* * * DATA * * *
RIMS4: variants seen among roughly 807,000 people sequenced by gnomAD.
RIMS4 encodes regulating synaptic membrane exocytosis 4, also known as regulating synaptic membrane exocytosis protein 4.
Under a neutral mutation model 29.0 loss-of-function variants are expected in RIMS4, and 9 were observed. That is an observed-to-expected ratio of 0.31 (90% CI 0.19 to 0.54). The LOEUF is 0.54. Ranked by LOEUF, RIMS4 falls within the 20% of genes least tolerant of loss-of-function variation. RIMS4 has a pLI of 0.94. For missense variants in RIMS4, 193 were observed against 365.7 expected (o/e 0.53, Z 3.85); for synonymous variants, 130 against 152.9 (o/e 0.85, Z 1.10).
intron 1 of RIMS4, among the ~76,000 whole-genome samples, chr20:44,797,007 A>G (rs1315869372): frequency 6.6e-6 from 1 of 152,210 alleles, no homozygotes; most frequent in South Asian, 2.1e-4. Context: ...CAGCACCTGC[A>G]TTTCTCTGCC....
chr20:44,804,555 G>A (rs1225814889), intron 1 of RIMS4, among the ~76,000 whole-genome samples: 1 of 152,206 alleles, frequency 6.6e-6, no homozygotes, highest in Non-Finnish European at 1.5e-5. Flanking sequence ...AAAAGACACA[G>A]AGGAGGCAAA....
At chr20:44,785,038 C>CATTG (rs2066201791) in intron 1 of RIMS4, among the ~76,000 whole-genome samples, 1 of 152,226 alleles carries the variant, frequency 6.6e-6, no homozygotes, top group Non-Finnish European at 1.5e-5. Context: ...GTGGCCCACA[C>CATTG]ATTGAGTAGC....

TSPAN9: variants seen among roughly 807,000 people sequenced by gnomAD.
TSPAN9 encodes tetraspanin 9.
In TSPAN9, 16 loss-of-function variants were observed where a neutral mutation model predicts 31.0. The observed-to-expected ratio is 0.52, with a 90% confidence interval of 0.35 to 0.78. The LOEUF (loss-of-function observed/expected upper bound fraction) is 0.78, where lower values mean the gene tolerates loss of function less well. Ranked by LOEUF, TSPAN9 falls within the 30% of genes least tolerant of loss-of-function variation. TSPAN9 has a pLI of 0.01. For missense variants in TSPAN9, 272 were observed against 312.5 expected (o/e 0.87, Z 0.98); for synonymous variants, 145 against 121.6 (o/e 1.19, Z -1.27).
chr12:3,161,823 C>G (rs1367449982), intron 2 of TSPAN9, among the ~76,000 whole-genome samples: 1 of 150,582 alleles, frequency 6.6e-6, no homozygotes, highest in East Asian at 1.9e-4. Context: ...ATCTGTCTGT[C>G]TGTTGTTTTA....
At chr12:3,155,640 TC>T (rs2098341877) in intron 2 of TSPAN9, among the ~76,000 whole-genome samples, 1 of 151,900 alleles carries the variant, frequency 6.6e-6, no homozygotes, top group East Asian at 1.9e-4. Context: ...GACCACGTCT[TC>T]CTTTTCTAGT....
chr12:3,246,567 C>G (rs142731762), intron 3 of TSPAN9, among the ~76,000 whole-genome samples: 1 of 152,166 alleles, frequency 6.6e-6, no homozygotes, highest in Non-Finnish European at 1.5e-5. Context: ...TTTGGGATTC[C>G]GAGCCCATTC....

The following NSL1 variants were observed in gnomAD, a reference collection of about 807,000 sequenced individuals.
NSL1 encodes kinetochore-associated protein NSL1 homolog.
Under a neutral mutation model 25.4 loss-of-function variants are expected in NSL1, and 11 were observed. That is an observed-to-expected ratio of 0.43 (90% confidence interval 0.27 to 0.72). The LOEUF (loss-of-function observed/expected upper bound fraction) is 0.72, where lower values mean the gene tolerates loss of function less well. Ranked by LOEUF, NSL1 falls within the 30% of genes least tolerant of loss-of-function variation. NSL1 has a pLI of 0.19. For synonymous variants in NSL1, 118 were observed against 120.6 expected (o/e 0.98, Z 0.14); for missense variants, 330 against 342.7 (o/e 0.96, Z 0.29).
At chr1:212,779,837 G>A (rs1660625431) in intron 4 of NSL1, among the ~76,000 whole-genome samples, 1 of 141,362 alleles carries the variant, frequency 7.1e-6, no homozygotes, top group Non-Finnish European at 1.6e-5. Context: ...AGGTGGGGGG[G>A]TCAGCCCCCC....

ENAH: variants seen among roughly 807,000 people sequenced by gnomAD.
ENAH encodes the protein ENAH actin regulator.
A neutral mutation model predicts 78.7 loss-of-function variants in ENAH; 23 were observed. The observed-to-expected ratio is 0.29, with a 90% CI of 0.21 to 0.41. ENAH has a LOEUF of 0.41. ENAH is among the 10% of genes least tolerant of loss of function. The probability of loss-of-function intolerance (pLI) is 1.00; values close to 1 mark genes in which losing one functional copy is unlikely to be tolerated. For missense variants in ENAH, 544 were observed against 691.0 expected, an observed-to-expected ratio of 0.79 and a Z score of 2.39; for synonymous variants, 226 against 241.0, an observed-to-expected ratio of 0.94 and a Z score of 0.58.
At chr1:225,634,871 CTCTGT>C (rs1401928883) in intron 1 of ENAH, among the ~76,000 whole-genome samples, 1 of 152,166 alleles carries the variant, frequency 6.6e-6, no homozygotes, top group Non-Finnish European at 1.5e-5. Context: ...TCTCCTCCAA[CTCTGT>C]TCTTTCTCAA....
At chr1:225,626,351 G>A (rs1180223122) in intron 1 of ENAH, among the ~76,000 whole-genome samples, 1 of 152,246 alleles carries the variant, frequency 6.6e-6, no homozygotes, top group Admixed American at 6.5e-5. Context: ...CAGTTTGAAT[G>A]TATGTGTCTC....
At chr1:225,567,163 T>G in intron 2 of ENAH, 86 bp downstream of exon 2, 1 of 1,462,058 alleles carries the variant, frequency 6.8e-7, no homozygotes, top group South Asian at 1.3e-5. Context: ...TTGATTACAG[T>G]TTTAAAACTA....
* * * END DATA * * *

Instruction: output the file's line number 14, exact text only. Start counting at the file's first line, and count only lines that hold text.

NSL1 encodes kinetochore-associated protein NSL1 homolog.